In January, last year, Penny Macbeth, SA director, said it did not anticipate calling on government funding if the project went to plan. And Muriel Gray, the first female chair of the board of governors at GSA, said the school hoped to use minimal amounts of public money for the project and rely on funds from its insurance cover and a private fundraising drive.

A three-year-old detailed business case examination of the project revealed that while a variety of funding sources may be available to deliver the capital project and support operation of the new building, its affordability was "dependent" on the outcome of the insurance claim.

Professor Alan Dunlop, one of Scotland's leading architects who once put his hat in the ring to become the next chair of GSA and is a stakeholder consultee for the project had questioned why attempts have not been made to raise public funds.

The Herald:

"Penny Macbeth has said the rebuild will be affordable and that there may be no need for public funds. I don't agree," he said.

"Although we do not yet know the scope of the commission and just what a faithful restoration actually means, advice from building professionals is that to do the restoration properly will take more than the £62 million.

"Having spent £35 million restoring the library after the 2014 fire I cannot see how more money can be raised through donation or by insurance, particularly when the cause of the 2018 cannot be established."

Renowned UK architect Sir David Chipperfield, who last year won the Pritzker Architecture Prize, considered to be the most prestigious award in architecture, and has previously declared that the Mack should be rebuilt following the agreement of an "acceptable" has admitted that it would be "very difficult" to justify the use of public funds for any reinstatement at a time when "schools needed new roofs".

Mr Chipperfield, the architect behind the much-lauded rebuild of the partially ruined Neues Museum in Berlin said it would need someone "with very deep pockets" to be able to fund the project.

Speaking as part of a lecture series, he also said the project to recreate the 1909 architectural masterpiece will need "total buy-in from everybody".

He has said that the Mack should be declared as a "monument of exceptional importance" and that the decision in what way it should be rebuilt should be based on "intellectual and technical criteria and opinion"

Describing the Mack's current state as "a terrible tragedy", he said: "[Making a copy] is not where I’d go to originally [if I was looking at the project] because you’d like to find something some other solution.

The Herald:

"But I've been there [to Glasgow] and I don’t think there is any other solution.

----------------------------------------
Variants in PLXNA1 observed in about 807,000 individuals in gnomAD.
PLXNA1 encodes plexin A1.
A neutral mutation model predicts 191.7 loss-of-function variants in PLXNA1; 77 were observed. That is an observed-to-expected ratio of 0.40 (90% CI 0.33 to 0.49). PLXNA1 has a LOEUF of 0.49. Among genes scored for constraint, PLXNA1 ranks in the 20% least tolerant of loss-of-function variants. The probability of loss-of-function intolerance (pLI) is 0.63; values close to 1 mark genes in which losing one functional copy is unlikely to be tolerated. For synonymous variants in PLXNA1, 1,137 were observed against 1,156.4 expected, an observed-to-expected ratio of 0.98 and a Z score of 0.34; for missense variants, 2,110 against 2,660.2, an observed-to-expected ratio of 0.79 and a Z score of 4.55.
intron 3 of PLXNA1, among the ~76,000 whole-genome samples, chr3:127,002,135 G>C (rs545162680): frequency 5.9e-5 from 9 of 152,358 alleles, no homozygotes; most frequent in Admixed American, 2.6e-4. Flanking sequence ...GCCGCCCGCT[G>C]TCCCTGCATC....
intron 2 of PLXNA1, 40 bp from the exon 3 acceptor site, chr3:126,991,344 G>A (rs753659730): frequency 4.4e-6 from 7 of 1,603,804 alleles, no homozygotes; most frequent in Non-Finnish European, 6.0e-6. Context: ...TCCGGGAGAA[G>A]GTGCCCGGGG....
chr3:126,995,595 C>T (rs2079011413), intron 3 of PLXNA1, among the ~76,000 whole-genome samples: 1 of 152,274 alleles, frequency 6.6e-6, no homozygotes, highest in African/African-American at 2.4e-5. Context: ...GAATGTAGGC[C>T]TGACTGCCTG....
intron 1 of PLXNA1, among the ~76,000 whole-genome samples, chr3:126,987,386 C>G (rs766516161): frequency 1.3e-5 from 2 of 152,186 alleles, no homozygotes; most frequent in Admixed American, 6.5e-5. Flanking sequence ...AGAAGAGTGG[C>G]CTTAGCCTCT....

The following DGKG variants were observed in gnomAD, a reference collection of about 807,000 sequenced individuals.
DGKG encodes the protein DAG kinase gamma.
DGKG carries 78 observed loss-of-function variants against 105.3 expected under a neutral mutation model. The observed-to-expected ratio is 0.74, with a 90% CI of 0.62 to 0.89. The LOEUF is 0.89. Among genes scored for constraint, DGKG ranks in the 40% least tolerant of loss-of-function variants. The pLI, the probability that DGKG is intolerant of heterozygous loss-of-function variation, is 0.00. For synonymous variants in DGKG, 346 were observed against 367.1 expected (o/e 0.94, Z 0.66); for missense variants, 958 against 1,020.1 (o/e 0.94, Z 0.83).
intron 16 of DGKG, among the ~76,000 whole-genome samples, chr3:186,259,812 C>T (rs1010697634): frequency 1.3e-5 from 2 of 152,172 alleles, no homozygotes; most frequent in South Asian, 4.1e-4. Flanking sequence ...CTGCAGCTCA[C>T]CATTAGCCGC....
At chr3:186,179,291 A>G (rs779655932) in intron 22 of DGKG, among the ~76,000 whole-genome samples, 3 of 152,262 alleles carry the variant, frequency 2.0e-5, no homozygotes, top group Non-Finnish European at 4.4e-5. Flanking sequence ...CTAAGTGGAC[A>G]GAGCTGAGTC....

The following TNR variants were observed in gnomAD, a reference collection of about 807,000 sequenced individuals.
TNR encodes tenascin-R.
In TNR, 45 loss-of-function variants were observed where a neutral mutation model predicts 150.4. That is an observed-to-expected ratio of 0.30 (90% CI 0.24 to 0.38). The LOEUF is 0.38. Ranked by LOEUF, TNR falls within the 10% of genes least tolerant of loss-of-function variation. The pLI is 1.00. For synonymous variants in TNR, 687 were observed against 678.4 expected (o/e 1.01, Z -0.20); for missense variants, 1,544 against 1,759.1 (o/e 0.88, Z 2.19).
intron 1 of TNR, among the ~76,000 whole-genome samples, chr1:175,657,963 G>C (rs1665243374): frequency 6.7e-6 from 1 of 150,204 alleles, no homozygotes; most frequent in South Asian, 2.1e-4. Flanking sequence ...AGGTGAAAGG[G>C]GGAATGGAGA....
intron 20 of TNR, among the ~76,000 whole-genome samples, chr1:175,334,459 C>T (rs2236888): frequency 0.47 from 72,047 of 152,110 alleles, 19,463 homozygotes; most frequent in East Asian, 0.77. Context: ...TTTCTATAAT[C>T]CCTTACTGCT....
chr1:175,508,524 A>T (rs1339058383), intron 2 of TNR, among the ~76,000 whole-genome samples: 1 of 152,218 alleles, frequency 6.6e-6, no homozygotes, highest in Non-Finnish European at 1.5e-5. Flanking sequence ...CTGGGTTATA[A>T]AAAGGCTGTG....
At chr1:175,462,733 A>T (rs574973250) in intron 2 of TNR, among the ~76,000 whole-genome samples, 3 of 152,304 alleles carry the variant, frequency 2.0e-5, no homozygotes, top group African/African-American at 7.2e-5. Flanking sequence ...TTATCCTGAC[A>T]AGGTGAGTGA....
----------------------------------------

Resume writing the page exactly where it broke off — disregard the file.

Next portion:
"We were very privileged in Germany because the money issue was not the conversation all the time."

He added: "I think you can rebuild it as a very high-class copy. There are enough drawings and evidence and photographs and we know enough about it."

But he accepted the problem would be "financial".

"You can't do a project with that complexity, without total buy in from everybody," he said.

"I think it's very difficult for a community to say how much you're going to spend on that? What, rebuilding that? Is it that important? What about you know, all the schools that need new roofs? That would be the difficult thing.

"I can't see how politically, especially in Scotland at the moment [that you can] justify that expenditure because to do it properly, it would be really problematic, but meaningful.

"You need political will. The Neues museum had the benefit but it was part of a reconstruction story of post war Berlin.

"You can’t do a Neues Museum. 50% of the building was left and 50% disappeared. It had been a ruin for 50 or 60 years, so it had status as a ruin. The Mack has no status. It's a burnt-out shell."

GSA, in literature sent to potential independent governors in the summer of last year, stated that they remained "committed to the rebuilding of the iconic Mackintosh Building, returning it to its central role in the creative life of our students, staff, city and nation".

Appointment details stated: "Since 2018 works have continued to focus on stabilizing the remaining structure and clearing debris and the production of the Strategic Outline Business Case...

"[The] plan for rebuilding of the Mackintosh Building will form part of the GSA's wider Estates' Strategy, aligned to the school's academic ambitions..."

GSA say that they "understand the sense of concern from many people" over progress over the reinstatement of the Mack but that they remain committed to the project.